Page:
“Love Is Too Big To Fail”

sherimorgan

Of all the messages scrawled or printed on signs at Saturday’s March on Washington, this yellow, homemade sign struck a major chord with me. “Love is too big to fail” perfectly embodies the spirit of the late Dr. Martin Luther King’s historic message 50 years ago.

Hearing the speeches and feeling the unity and love at Saturday’s march left me motivated to be better and do better.

Watching snippets of today’s news reports as several U.S. presidents and King family members stood in the spot where Dr. King and others stood on Aug. 28, 1963 made we want to be better and do better.

Sharing the experience of the 50th anniversary of the March on Washington with my 23-year-old daughter made me want to be better and do better.

Imani and I decided more than a month ago to attend the march together. She was still reeling from the not guilty verdict handed down by a Florida jury in the death of Trayvon Martin. For Imani and others in her generation, this verdict served as a wake-up call that even in 2013, black men are often marginalized and criminalized.

For me, the march was about reconnecting with the spirit of our ancestors, who were willing to die for their convictions. People like Congressman John Lewis, who told his mother that he was acting according to the dictates of his conscience when he decided to join the Freedom Rides in 1961 as a young college student.

The day of the march, I got up at the crack of dawn, too excited to sleep. People were already gathering outside our hotel to march to the National Mall. By the time we arrived around 8 a.m., the mall was already jammed with people. And what a sight to behold: people of all ages and races coming together, talking to one another and smiling broadly. The pride was evident. We came together in peace and harmony. There were people on walkers, children in strollers and people carrying gigantic signs promoting labor unions; decrying racial profiling and calling for an end to discrimination. Images of Trayvon Martin were everywhere — on shirts, caps and signs.

As the march was winding down, we ran into Sheri Morgan, who was carrying the “Love is Too Big to Fail” sign. Her son Thomas made it three years ago for the Occupy Movement. Thomas, now a college student in Los Angeles, got into social justice when he was middle school. He memorized Dr. King’s speeches and often quoted them in their Greencastle, Pa. home.

Dr. King’s message of non violence was rooted in the biblical principle of loving your enemies. His models were Jesus Christ and Mahatma Ghandi. On more than one occasion, the students and adults trained in non-violent social resistance shocked their tormentors.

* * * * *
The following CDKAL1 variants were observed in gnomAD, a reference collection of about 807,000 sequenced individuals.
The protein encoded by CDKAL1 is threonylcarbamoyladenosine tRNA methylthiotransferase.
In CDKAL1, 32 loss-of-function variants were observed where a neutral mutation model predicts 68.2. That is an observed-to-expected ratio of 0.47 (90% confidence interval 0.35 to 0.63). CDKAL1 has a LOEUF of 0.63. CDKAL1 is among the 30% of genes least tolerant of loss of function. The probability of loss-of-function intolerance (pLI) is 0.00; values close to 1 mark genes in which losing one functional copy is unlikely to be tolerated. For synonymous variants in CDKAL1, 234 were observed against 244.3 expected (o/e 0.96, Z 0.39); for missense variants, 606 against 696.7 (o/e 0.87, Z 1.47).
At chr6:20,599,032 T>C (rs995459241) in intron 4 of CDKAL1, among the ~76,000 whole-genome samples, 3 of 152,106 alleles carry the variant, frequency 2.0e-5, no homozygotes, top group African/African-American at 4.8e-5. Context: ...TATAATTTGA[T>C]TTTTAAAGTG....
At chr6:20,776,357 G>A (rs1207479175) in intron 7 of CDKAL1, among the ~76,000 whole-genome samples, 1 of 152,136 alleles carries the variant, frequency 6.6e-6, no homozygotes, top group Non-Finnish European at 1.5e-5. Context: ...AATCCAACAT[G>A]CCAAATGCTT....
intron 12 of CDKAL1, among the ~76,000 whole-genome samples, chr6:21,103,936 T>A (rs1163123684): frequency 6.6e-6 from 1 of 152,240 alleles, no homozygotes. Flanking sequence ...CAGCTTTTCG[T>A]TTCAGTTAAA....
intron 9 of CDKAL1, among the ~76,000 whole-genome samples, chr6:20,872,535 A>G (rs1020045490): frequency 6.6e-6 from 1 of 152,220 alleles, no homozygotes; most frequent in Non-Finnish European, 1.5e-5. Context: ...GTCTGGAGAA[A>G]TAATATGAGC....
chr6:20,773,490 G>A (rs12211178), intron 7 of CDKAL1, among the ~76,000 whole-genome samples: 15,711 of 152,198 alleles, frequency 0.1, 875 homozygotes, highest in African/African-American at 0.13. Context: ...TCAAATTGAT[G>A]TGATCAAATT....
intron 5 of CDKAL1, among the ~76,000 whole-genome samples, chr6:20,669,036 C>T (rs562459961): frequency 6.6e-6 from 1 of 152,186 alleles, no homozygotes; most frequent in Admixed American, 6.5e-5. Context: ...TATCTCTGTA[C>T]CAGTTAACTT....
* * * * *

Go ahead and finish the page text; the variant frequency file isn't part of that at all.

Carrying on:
The late Pauline Knight-Ofosu was a student at Tennessee State when she decided to join the Nashville Student Movement in 1960. She believed God called her and other students for that purpose. When a young man spat on her during one of the protests, she wiped it off and smiled back at him.

Her action so disarmed him he felt true shame at his act. Now if that’s not love too big to fail, I don’t know what is.

This column is dedicated to the memory of my friend, Pauline Knight-Ofosu, who died in March. We miss you terribly Miss Pauline. Rest in Peace!

http://www.ajc.com/news/news/local-obituaries/pauline-knight-ofosu-72-freedom-rider-and-civil-ri/nW7QQ/

“Today We March”

#MarchonWashington50
#Americanhistory

LOVE MY PEOPLE

My friend Rosemary posted this on her Facebook page yesterday. The three words reminded me of something the Rev. Dr. Bernice King said her mother, Coretta Scott King, was fond of saying.  Freedom has to be won anew by every generation.

It’s a powerful thought to ponder in a year where we’ve seen a nagging truth on display in a Florida courtroom in the trial of George Zimmerman. In the end, a jury decided Zimmerman’s right to use his gun in self-defense outweighed Trayvon Martin’s right to walk home from a store in his father’s gated community.  In the same month, a key provision of the Voting Rights Act was repealed by the U.S. Supreme Court.

The parallels of 1963 and 2013 are uncanny. Perhaps its why  I can’t sleep this morning. I am in Washington, waiting for the march to commence.  In 1963, leaders called it the March on…

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“Today We March”

My friend Rosemary posted this on her Facebook page yesterday. The three words reminded me of something the Rev. Dr. Bernice King said her mother, Coretta Scott King, was fond of saying.  Freedom has to be won anew by every generation.